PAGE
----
We make a conscious effort to do what we can in preserving what is left of our natural environment and resources. Some ways on how we do it are to recycle or reprocess glass and paper, reduce or avoid the use of plastic, and bring our own eco-friendly reusable grocery and produce bags when we go to our local market, and to create customized t-shirt press to spread environmental awareness.
The t-shirt industry is clearly a booming business where 2 billion tees are sold every year around the globe. This is also true with jeans selling about 520 million pairs in the US alone. However, little that we know, our daily outfits such as our favorite jeans and tees cost the earth about 2,200 gallons of water. The manufacturing of textile made out of cotton utilizes a hefty quantity of our earth’s resources like energy and water. The process can also be very dangerous to our air and soil since it discharges damaging pollutants like paraffin and pesticides.
Nonetheless, the demand to reduce, limit, and control waste from manufacturing textile is a serious matter since one t-shirt uses up to 700 gallons of water and a single pair of jeans need about 1,500 gallons.
The cotton production utilizes 25 percent of the globe’s herbicides and pesticides. The residuals of the pesticides spewed on cotton as well as the substances applied to dye, lighten, and stonewash garments contaminate the water channels and the air we breathe.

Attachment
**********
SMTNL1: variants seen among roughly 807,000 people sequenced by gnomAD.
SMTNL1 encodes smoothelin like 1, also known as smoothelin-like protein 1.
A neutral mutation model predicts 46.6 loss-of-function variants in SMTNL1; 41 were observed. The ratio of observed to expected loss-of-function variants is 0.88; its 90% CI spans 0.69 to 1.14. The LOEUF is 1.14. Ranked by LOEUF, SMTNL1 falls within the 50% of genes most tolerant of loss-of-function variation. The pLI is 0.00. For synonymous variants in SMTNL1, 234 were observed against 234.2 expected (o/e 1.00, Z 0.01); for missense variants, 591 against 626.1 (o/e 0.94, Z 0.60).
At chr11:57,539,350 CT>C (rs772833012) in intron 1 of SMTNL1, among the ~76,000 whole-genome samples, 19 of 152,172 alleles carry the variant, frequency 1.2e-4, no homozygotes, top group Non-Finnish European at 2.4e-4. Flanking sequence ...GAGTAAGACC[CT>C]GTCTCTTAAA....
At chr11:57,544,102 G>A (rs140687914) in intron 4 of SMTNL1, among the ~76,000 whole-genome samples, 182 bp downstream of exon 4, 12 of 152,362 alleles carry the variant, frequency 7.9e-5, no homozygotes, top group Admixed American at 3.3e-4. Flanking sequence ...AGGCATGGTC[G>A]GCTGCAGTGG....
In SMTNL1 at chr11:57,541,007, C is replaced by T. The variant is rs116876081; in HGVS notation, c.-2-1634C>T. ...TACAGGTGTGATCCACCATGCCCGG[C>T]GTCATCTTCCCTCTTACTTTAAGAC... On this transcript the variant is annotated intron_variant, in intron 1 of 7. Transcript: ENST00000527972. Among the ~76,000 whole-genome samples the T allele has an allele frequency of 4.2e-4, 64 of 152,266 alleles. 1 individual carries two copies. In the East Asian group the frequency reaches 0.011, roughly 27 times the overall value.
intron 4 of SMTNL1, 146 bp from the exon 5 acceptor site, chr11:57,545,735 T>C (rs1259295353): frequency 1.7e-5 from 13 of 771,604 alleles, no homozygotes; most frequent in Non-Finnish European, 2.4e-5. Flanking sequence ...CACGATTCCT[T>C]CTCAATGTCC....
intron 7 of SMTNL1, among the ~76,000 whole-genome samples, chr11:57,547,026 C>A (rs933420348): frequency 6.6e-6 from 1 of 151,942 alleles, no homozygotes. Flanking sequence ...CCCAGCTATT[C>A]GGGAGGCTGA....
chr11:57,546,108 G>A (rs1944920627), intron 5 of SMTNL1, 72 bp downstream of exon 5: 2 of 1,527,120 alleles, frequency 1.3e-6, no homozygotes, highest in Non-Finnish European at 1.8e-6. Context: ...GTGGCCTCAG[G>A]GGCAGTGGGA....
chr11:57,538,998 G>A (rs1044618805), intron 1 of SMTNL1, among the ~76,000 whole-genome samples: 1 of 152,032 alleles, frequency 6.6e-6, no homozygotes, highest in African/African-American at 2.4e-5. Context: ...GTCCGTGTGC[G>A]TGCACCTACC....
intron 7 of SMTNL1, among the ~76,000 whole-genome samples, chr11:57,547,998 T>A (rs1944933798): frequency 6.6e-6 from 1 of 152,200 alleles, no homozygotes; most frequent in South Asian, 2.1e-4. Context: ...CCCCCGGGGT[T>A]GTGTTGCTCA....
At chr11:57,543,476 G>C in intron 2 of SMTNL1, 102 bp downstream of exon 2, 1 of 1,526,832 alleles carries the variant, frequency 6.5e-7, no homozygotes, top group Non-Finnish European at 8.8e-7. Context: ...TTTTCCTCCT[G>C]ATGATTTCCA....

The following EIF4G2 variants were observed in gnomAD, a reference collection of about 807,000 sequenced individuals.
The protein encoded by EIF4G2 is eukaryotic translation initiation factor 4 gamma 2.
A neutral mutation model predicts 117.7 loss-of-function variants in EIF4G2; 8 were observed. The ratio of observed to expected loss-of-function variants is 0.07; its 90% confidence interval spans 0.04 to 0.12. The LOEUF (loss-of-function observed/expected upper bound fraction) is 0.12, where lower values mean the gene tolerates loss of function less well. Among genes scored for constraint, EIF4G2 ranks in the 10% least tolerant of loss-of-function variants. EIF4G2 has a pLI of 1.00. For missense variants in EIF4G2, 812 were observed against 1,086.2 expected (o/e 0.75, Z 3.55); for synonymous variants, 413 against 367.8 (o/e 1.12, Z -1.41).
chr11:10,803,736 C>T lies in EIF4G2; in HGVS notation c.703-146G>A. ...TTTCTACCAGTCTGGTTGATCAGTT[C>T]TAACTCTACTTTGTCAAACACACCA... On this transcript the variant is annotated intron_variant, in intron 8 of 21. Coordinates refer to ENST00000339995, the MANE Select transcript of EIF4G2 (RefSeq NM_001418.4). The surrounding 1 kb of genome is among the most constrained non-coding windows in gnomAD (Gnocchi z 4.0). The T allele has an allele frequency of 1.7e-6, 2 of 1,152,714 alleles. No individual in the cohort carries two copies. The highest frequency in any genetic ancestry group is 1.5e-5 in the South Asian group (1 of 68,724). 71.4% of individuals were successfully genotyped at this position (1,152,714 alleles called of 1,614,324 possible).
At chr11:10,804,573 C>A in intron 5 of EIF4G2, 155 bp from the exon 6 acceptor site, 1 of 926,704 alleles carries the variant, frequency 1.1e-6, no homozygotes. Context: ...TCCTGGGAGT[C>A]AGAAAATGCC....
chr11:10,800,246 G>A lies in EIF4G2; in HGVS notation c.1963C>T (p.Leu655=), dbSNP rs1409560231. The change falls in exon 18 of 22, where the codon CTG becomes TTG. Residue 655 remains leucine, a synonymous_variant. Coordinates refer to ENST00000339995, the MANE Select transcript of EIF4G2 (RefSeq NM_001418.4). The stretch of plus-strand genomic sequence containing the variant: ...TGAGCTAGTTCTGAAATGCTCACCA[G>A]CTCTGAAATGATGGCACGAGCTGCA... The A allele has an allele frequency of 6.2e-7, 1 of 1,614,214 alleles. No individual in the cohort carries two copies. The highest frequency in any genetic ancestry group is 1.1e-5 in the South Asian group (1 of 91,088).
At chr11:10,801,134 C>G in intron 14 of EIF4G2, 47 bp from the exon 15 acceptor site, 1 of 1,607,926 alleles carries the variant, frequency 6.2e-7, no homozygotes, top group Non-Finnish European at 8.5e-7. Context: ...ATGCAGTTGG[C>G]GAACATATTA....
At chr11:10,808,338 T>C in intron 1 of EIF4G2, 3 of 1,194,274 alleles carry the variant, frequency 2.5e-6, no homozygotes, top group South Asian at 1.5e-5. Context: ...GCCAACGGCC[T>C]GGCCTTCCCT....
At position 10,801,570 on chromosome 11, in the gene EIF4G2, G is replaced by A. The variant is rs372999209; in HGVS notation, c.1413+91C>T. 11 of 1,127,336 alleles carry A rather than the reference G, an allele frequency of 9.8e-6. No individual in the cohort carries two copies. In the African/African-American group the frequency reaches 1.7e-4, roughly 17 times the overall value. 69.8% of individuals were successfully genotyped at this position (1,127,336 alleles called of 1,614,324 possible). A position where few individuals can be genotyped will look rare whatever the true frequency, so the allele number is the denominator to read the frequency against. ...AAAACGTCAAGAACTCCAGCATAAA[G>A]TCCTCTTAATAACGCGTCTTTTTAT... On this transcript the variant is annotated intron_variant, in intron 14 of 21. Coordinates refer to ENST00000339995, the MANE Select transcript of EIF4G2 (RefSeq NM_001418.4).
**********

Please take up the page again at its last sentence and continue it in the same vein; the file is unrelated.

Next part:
We probably think that purchasing shirts and jeans made from organic cotton resolves and eliminates the textile waste problem. This isn’t entirely the case. Potassium permanganate is one of the fading agents used in the production of clothing. The waste generated is every so often discharged into canals that are likewise used to water local farms. These chemical compounds sterilize the soil and ultimately destroy the seedlings. Companies who create “green jeans” don’t use insecticides to propagate organic cotton, however, the majority of jeans made with organic cotton still go through the process of using the usual colorants and chemicals, therefore still endangers the environment as stated by OnEarth.org.
What we can effectively do to help control waste from textile and safeguard our environment is to purchase used clothing from thrift stores. Aside from this, rather than just throwing away your clothes that are evidently still in good condition, salvage them or donate them. People tend to throw away 70 pounds of clothes every year that would only end up in landfills to deteriorate which takes a very long period of time.